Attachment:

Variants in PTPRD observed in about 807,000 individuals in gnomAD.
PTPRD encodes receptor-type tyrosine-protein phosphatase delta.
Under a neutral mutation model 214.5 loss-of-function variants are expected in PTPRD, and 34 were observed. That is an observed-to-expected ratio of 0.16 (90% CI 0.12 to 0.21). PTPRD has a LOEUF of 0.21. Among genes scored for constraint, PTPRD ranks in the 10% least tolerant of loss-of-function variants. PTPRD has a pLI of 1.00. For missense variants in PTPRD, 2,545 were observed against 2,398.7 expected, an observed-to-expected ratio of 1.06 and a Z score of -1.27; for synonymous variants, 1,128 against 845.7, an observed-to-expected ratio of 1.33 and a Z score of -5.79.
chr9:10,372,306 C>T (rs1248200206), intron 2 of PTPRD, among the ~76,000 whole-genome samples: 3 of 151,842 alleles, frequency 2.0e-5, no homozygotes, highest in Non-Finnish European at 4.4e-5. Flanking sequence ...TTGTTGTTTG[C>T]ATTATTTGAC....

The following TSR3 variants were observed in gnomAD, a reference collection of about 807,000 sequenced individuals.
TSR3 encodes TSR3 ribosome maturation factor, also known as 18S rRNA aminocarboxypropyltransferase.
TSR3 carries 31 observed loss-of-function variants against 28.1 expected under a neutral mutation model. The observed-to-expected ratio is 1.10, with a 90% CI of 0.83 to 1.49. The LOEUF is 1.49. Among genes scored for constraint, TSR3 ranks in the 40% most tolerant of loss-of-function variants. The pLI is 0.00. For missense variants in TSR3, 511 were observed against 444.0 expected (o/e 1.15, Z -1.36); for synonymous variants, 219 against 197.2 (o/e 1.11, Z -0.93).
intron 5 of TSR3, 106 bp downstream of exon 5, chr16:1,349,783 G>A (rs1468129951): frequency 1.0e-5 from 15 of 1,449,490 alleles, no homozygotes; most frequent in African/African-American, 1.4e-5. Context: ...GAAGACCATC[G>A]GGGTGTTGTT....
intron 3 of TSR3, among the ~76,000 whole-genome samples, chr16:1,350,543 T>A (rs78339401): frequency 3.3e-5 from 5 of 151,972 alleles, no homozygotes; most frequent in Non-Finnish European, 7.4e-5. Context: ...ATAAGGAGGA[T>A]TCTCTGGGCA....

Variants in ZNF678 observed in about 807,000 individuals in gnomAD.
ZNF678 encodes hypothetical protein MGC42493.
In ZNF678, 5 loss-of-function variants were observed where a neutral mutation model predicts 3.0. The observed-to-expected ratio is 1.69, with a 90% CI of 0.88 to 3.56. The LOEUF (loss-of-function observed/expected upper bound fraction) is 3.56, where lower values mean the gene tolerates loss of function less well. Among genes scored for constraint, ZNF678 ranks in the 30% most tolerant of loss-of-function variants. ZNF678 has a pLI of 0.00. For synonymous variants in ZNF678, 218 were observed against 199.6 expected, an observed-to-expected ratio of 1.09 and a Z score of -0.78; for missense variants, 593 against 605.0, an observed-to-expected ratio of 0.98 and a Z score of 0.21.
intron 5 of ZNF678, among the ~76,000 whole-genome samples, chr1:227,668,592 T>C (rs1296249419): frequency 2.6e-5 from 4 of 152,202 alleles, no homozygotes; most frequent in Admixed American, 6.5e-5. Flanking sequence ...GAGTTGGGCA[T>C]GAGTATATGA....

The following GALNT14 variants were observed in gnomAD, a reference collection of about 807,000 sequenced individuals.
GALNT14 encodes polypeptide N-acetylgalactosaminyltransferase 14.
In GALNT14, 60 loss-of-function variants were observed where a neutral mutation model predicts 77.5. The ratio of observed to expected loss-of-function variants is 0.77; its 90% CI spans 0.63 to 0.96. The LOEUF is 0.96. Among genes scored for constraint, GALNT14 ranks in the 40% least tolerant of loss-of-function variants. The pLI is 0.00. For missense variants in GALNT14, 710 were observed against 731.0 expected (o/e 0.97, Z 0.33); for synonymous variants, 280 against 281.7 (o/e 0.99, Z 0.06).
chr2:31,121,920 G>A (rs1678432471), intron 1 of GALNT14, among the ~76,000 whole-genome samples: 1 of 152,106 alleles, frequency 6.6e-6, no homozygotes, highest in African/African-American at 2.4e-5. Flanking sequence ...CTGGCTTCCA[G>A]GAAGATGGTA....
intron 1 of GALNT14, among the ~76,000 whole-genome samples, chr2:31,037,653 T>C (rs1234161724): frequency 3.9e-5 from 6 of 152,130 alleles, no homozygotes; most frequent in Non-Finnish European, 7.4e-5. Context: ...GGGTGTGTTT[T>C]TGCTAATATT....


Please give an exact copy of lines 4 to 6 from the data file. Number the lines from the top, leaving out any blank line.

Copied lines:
chr9:10,372,306 C>T (rs1248200206), intron 2 of PTPRD, among the ~76,000 whole-genome samples: 3 of 151,842 alleles, frequency 2.0e-5, no homozygotes, highest in Non-Finnish European at 4.4e-5. Flanking sequence ...TTGTTGTTTG[C>T]ATTATTTGAC....

The following TSR3 variants were observed in gnomAD, a reference collection of about 807,000 sequenced individuals.
TSR3 encodes TSR3 ribosome maturation factor, also known as 18S rRNA aminocarboxypropyltransferase.